I couldn’t help but notice a “coming soon” under the ecourse tab on your blog - any hints at what you’re currently working on?
YES! Something v. exciting and v. HUGE has been in the works for awhile now. I can’t say too much yet, but I CAN say that there has never been a course quite like this before, and especially not at the depth I’ll be going into.
If you’ve been wanting to work with brands as a blogger and/or make more moola monetizing your content, this will basically be a tell-all. Get on the waitlist here.
What advice do you have for other online influencers hoping to generate an income?
If it’s not bringing value, it’s not worth anyone’s time - including yours. And if you don’t value yourself, brands won’t value you, either. The basic (but hella important) question should always always always be: how valuable is this?
Whether it’s a full-on blog post or 140-character tweet, there has to be something valuable in there. Get really good at providing value. And value doesn’t have to mean it’s just teaching something or instructional in nature! Make it valuable by actively altering the course of someone’s day with it, whether that means you’re making someone laugh out loud, teaching how to do something, providing new and genuinely useful perspective, or inspiring to get off the couch and to the store to actually purchase a product.
Become valuable and start developing true influence to start making money online. There’s a difference between a blogger and an influencer. Anyone can be a blogger. It takes true talent and true community-building to generate influence, where your own actions inspire those of others. Build that via value, and then build income via influence!
What was something you struggled with when you were growing your brand? How did you overcome it?
Comparison was always my struggle bus - and still is sometimes! It’s hard to not look at what everyone and their mother is doing online and think, “Oh, maybe I should try that!” or “Oh, that’s better than my idea.” But that’s so so so (SO) bad, and toxic not only for your own brand, but for your general health and mental well-being!
I wouldn’t say I’ve completely overcome it (does anyone ever?!), but I try to beat it by taking days off from looking at anything anyone else has made. Keep your eyes on your own paper, stay in your lane, and tune out the noise of everyone else for a hot sec to truly focus on your own work, your own audience, and your own brand.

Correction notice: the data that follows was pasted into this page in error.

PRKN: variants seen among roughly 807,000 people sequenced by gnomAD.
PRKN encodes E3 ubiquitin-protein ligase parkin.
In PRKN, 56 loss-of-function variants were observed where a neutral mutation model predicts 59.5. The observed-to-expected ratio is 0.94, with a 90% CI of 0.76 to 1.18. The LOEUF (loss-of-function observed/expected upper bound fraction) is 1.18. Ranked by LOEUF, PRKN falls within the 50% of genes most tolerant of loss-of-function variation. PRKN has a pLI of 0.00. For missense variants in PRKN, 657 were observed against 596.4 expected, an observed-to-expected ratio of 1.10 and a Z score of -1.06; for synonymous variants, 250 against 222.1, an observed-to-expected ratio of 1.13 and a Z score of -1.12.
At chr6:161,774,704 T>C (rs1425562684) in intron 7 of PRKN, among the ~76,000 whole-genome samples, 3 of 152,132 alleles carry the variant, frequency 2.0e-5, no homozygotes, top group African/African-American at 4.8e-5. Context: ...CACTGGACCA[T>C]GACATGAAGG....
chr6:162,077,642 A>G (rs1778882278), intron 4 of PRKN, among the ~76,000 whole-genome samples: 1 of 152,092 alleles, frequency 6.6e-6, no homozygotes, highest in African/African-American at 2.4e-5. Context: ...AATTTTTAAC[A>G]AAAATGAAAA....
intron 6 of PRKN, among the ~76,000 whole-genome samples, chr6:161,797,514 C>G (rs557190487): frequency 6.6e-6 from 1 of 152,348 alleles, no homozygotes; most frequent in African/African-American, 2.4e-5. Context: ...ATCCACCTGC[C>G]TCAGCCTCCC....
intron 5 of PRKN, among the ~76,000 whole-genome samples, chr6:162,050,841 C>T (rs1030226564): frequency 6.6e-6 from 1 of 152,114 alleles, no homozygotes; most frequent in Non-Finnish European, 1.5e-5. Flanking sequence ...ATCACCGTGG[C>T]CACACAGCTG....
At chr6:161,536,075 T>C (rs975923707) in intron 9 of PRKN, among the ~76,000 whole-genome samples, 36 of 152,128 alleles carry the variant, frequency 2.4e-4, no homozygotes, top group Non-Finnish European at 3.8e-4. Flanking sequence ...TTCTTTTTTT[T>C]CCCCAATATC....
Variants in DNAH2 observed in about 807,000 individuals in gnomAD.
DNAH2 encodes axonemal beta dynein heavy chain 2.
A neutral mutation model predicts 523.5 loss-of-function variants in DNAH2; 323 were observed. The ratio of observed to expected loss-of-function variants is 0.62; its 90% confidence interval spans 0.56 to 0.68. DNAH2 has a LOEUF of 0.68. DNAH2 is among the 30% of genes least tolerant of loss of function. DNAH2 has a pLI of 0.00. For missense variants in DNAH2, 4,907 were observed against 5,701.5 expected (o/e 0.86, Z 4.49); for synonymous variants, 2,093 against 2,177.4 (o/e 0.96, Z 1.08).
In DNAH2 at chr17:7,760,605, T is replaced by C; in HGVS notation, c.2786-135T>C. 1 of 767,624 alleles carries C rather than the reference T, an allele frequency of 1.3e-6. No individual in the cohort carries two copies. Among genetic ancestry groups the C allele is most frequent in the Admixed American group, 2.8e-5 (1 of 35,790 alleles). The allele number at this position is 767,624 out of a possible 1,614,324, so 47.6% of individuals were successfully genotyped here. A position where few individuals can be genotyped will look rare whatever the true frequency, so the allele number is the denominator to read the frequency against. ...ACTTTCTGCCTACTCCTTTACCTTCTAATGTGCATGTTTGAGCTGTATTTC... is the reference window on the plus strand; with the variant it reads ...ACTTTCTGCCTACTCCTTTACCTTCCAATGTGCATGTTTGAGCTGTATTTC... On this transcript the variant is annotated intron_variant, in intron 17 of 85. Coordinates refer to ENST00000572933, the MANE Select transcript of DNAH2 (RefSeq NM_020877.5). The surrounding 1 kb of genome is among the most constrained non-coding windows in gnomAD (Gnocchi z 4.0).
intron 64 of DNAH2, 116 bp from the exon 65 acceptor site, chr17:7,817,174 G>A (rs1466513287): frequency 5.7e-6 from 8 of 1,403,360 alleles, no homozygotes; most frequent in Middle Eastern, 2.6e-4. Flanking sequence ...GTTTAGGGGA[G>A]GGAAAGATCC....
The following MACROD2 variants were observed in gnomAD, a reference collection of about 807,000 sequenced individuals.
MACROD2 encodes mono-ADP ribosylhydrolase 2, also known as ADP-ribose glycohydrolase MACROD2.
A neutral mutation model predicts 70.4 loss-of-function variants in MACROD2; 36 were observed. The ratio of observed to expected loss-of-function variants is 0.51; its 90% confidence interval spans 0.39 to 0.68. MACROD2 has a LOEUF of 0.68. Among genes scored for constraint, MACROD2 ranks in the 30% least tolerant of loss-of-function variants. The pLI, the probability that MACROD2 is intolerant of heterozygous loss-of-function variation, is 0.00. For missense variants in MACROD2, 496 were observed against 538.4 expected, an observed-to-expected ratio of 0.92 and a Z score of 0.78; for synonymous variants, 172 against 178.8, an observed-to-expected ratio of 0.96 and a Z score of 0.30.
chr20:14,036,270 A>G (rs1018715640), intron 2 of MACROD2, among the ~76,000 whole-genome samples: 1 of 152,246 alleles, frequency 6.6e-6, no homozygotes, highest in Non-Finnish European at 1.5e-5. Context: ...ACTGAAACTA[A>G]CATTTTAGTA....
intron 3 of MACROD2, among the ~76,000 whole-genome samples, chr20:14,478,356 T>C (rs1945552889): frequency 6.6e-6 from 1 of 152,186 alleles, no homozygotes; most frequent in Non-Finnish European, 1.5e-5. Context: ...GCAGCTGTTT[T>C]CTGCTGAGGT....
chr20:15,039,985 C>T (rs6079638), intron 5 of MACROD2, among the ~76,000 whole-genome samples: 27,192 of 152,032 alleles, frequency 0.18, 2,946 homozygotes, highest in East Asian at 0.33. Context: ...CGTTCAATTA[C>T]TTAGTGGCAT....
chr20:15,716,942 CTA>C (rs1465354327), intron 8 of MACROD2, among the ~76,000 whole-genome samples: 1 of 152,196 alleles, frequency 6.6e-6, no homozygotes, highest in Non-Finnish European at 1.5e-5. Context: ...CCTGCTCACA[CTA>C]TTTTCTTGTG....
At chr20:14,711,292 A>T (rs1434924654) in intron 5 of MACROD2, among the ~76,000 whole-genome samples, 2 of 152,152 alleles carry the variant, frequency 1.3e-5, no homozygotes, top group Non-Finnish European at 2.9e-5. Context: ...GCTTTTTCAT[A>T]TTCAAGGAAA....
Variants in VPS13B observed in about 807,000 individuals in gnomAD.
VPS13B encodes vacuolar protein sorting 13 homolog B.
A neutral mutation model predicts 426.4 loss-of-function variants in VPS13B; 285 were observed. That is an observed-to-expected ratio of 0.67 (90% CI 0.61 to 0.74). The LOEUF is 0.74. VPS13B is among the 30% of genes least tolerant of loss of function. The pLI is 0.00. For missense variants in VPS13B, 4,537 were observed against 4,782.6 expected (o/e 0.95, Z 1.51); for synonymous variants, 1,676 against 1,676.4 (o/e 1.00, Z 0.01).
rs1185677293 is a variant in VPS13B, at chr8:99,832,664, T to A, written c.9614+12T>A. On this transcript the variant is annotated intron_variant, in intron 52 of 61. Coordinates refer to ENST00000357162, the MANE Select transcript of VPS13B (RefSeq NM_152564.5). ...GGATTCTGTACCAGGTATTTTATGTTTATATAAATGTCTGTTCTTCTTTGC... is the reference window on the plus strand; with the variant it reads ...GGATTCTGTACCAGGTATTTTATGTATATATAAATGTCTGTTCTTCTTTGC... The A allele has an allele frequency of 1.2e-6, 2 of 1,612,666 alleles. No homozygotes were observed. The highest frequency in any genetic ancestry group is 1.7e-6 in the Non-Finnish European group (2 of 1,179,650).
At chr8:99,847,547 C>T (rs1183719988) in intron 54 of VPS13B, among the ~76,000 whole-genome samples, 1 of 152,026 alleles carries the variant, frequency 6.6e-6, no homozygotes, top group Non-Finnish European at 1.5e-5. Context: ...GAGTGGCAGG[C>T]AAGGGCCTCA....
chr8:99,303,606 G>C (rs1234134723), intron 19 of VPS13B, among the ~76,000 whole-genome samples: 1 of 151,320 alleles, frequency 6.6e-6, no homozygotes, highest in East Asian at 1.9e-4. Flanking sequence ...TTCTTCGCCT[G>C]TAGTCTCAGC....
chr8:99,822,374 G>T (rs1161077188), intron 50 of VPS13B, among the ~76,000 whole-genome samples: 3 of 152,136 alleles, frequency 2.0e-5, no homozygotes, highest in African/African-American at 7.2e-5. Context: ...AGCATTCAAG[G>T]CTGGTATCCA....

What is a common pitfall you see creatives trying to make money online fall into and how can they avoid it?
When it comes to collaborating with brands, far too many undervalue themselves for the sake of “making a connection” or “getting noticed,” not realizing that it doesn’t help anyone.
You can’t say you want to make money working with brands or become a full-time blogger someday and then consider a top or a pair of shoes (heck, a whole outfit) to be appropriate compensation for a blog post. Does that pay the bills? Does the company representative get paid in product? No? Then neither should you. Stop thinking that a big company doesn’t have to pay you to work with them because they’re your chance to make it big.
Valuing yourself enough to pick and choose the right opportunities for you and your audience will make you big. It’s also a pitfall because it hurts the blogging industry as a whole if a negative thing is reinforced! Influencer marketing is a thing - a really effective, valuable thing. Capitalize on it accordingly.
What are your plans for the future?
Ah, I can’t wait to just see where CUR goes! I definitely plan on expanding into more coursework beyond my current project, because I absolutely lovelovelove teaching and coaching and helping other ambitious ladies become straight up bosses.
Otherwise, I plan on continually expanding my brand work to bridge the gap between influencers and brand marketing teams, because there’s still so much to be understood and so much that gets lost in translation between the two! And the goals beyond that include product. To be continued… ;)